Friday, October 14, 2011

New 'Hood, New Food: bodega taco bar

I aim to make this the first in a series of quick and dirty reviews…trying to keep pace with exploring new eating spots in an entirely new state (for us).

bodega taco bar is the taco bar alter-ego to the awesome, dingy, value-oriented Valencia Luncheria in Norwalk. That breakfast, lunch, and dinner spot is small, cramped, always seemingly bustling, and has a rambling menu of 'Venezuelan beach food.' Where Valencia is a bit rough around the edges, bodega taco bar is polished, seemingly gleaming, and dialed. Though small, there are a variety of seating choices. They include a bunch of bar stools, a handful of hightop tables along the restaurant’s perimeter, and about twenty seats at proper tables towards the front of the restaurant. Where Valencia doesn’t serve any wine, beer, or spirits (though I do think it is a BYO spot), bodega has a prominently displayed bar with all sorts of rums and tequilas and beer and wine. For my lunchtime visit, I sat at the bar and had a friendly interaction with a bartender who seemed genuinely proud of the food and drink on offer.

The menu offers a pretty broad range of meal sizes, from ‘little cravings’ to ‘principal plates.’ The specials board showed off some apparently seasonal and creative offerings. For my one lunch visit, I order a couple items off the specials menu and one item off the regular menu.

--Roasted Corn and Chorizo Chowder ($6): This dish was a special and was a very solid soup. The base/broth was super, super silky, rich, and lush. Seriously, it was like velvet in the mouth. I did see nice char on the corn, but didn’t really taste any smokiness from that roasting. The corn was, however, sweet…even this late in the season. The chorizo was not particularly spicy. Also, it was not the crumbly style of chorizo. It was more of a tightly packed sausage…like a kielbasa. Usually one to shy away from salt, I was looking for a bit more saltiness in the soup and a bit more spiciness from the chorizo. Fresh cilantro on top of the soup was an excellent touch and lent a bright note to an otherwise very deeply flavored chowder. Carrots and celery chunks were of the right size and texture to give this a real chunky chowder mouth feel. The serving was generous for the price and included a substantial amount of chorizo.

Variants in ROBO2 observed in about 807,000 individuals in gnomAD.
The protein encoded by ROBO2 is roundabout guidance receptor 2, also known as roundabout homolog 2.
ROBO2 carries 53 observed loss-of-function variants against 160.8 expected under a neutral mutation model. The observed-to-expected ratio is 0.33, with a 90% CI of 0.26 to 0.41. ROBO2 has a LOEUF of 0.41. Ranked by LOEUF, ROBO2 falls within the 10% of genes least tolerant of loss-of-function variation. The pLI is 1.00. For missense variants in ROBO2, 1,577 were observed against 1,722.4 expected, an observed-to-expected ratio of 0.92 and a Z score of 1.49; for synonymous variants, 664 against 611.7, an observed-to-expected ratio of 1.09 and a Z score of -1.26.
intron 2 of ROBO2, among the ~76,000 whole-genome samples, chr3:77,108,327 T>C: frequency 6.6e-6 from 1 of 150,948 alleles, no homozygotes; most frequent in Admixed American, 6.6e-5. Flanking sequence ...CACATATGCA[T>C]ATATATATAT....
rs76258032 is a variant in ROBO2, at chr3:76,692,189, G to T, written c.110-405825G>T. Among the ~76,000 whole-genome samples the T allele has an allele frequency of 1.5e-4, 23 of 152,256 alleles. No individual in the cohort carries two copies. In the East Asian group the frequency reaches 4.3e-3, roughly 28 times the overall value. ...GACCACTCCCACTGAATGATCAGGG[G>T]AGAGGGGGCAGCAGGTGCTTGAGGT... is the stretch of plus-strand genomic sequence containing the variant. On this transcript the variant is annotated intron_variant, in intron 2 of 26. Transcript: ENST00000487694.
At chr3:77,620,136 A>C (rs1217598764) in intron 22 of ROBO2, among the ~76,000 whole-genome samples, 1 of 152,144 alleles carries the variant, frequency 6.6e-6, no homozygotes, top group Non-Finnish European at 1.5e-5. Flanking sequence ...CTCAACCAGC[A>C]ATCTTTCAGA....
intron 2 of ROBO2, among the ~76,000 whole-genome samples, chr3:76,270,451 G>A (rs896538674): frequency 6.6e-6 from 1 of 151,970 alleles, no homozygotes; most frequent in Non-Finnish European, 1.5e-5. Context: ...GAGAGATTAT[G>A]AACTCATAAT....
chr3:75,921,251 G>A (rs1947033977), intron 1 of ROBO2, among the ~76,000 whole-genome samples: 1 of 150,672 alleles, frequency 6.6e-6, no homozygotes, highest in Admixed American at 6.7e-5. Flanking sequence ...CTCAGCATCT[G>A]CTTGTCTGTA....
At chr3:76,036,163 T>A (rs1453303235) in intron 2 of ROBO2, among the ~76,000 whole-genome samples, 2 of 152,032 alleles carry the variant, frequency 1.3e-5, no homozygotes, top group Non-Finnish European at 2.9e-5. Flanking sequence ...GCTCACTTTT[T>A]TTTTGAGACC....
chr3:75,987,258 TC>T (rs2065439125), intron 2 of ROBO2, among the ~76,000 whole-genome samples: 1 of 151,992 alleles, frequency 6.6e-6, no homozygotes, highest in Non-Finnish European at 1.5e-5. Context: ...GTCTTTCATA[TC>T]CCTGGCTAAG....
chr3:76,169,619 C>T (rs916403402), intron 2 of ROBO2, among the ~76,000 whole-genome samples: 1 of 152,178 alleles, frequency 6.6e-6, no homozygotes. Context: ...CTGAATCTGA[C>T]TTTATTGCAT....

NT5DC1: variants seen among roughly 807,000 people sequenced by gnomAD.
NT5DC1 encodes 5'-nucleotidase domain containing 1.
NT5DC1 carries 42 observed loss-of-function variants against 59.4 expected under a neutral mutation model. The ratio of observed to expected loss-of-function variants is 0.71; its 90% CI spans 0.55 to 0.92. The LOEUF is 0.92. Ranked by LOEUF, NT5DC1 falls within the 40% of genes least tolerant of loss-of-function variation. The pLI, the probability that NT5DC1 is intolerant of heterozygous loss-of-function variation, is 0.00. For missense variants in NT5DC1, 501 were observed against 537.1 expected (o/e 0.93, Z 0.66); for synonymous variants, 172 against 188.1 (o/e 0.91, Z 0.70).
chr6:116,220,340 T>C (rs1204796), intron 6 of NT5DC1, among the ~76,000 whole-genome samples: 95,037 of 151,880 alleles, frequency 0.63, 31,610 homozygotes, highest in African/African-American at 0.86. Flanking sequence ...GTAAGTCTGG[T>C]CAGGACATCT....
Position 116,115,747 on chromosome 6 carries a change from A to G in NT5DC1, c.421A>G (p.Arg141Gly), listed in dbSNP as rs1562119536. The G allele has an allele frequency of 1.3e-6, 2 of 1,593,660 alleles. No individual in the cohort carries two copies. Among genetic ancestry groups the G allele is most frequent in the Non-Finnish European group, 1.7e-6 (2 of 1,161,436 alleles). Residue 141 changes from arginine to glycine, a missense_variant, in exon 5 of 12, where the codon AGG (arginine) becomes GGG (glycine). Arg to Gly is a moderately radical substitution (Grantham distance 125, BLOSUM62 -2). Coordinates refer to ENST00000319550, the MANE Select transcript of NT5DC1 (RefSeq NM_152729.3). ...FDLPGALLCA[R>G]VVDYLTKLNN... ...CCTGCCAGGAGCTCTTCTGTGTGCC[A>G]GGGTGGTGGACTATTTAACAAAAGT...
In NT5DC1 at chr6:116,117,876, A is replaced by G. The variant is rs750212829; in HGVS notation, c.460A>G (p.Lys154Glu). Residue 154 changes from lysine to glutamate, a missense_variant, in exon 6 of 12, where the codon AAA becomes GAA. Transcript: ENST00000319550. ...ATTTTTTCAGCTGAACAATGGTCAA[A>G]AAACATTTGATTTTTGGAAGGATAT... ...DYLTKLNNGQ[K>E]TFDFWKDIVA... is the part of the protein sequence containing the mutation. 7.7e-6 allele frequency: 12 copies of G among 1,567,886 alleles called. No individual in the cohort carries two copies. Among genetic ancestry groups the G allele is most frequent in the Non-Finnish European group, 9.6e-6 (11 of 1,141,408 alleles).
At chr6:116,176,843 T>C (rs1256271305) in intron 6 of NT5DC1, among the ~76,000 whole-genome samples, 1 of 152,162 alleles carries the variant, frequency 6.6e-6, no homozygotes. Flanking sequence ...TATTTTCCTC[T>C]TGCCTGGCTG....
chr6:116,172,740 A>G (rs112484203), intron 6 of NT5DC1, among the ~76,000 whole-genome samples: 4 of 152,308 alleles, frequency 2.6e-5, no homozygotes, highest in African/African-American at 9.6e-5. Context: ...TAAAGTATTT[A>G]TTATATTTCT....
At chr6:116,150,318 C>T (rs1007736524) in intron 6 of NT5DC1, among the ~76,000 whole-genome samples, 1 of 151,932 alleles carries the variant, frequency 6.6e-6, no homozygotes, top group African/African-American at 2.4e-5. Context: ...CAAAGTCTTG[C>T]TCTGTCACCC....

--Baja Taco ($4): This taco is on the regular menu and is described as ‘panko crusted mahi mahi, pico de gallo, lemon aioli.’ All tacos are served on soft corn tortillas “nixtamal.” The taco was very small. From a value standpoint, I was a bit surprised by the serving size. While $4 is not a lot of cash, the portion size struck me as much more of a $3 item. Ignoring that, the taco was quite good. The tortilla was pliable and did not fall apart and actually contributed a corn flavor to the dish (unlike some not-quite-there flour tortillas). The fish was fried expertly. The panko was crispy and crunchy and the fish inside was flaky and piping hot. Hard to know if it was actual mahi mahi, as the piece was pretty small. Generally, this was a refreshing morsel. The salsa was very simple and traditional pico de gallo. The lemon aioli did not overwhelm the dish and the extra squeeze of lemon I gave the taco definitely brightened it up. Two extra salsas provided in squeeze bottles (a la Valencia) were not really needed in this case. Next to the taco on the plate, a pickled jalapeno was very tasty. The bartender explained the peppers are soaked in a vinegar and sugar brine. For me, those ingredients mellowed out any sharp jalapeno spiciness and turned the pepper into a very edible condiment, not unlike a good pickle at your neighborhood Jewish deli.

--Lamb Meatloaf Arepa ($8): This item was also on the specials menu. For starters, the arepa cake was a bit smaller than those at Valencia. Hand formed, this could also just be a factor of the day’s arepa preparer. This small sandwich was basic. Slabs of meat tucked into the arepa cake. But the flavor was really full and bold. The arepa cake was crispy fried outside and dense, sweet, and slightly crumbly inside. The thin-ishly sliced meatloaf was firm and dense. Piping hot, I think it was finished on the grill to heat it up. Before I ordered it, I asked the bartender if it was dressed with any extras. The bartender punted to a colleague and that guy (manager or cook?) explained the loaf had peppers and onions baked in and the sandwich included some caramelized onions and a sauce. It was as described. The onions were a solid addition for some textural variety and the sauce was pretty close to ketchup, but with some spicier notes (the bartender claimed the flavor was chipotle, but I don’t think that was the added ingredient). The meatloaf clearly tasted of lamb, with some good gaminess. Also, the meatloaf edges were a bit burned/charred and I appreciated the crispiness and smoke flavor that overcooking added to the dish. I can imagine some won't like that crispy, burnt edge. Though very straightforward (meat plus ‘bread’), this sandwich was satisfying and flavorful.

I washed all the food down with a pineapple Jarritos soda ($2.50). For $21.80 (pre-tip), lunch at bodega taco bar was filling, flavorful, and worth the trip to Fairfield.

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